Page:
It is estimated that teenagers make up approximately 9% of medical visits, however, according to studies, many teenagers today have undiagnosed eating disorders, depression, or sexually transmitted diseases, or are developing poor health habits, such as sedentary lifestyles or smoking, that carry into adulthood. However, a study published in a pediatric journal reported that almost one-half of adolescent office visits did not include counseling or education, and only 3% of teens received counseling on such issues as smoking, sexually transmitted diseases, and weight control. To disregard the power of the media would be like ignoring facts such as seat belts saving lives or helmets protecting heads from injuries.
- The Alan Guttmacher Institute (AGI): In Their Own Right: Addressing the Sexual and Reproductive Health Needs of American Men. New York. AGI. 2002. Unpublished tabulations of the 1995 National Survey of Adolescent Males and the 1995 National Survey of Family Growth.
- AGI: Why is Teenage Pregnancy Declining? The Roles of Abstinence, Sexual Activity and Contraceptive Use. New York. AGI. 1999.
- AGI: Teenage Sexual and Reproductive Behavior in Developed Countries: Can More Progress Be Made? New York. AGI. 2001.
- AGI: Teenagers' Sexual and Reproductive Health: Developed Countries. Facts in Brief.
- American Academy of Pediatrics: Media Education in the Pediatric Practice-An overview of Media and the Pediatricians Role. AAP 1997.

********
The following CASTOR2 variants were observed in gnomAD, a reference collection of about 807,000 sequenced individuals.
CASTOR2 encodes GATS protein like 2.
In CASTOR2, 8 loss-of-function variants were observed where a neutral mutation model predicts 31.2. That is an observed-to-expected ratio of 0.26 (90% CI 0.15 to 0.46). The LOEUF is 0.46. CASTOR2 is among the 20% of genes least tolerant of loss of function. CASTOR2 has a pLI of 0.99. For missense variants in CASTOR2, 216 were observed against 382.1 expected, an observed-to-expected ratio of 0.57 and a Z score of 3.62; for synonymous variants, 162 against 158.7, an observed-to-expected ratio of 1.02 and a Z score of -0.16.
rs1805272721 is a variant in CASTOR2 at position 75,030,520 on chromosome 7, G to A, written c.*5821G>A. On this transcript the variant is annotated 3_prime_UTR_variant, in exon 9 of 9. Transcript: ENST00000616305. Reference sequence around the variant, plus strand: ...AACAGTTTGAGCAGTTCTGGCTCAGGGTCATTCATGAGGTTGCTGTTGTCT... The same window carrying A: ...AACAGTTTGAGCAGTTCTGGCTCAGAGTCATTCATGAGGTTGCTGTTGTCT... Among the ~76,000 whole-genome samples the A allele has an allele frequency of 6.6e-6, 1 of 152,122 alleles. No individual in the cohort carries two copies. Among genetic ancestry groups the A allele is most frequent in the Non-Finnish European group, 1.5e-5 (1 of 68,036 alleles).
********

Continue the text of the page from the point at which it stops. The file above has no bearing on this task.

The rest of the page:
- American Academy of Pediatrics: Media Matters, AAP 1997.
- Lori O'Keefe: American Academy of Pediatrics: Pediatricians should "tune in" to patients' media habits. AAP News, January 2001.
- American Academy of Child and Adolescent Psychiatry: News Release; "AACAP Shares Important Facts on Children and Television Violence". February 14, 2001.
- America's Children: Key National Indicators of Well-Being. 2002. Developed by the Federal Interagency Forum on Child and Family Statistics.
- Shaffer D, Greenberg T: Teen Suicide Fact Sheet; Columbia University and New York State Psychiatric Institute. August 9, 2002.
- Department of Health and Human Services: Youth Violence: A Report of the Surgeon General.
- Ford CA: Limiting Confidentiality of Adolescent Services – What are the Risks? JAMA. 2002 Vol. 288 August 14, 2002.
- Frontline. A Report on the Creators and Marketers of Popular Culture for Teenagers. ©2001 http://www.pbs.org/wgbh/pages/frontline/shows/cool/
- Bushman B, Bonacci A: Violence and Sex Impair Memory for TV Ads. Journal of Applied Psychology. 2002;87:557-654.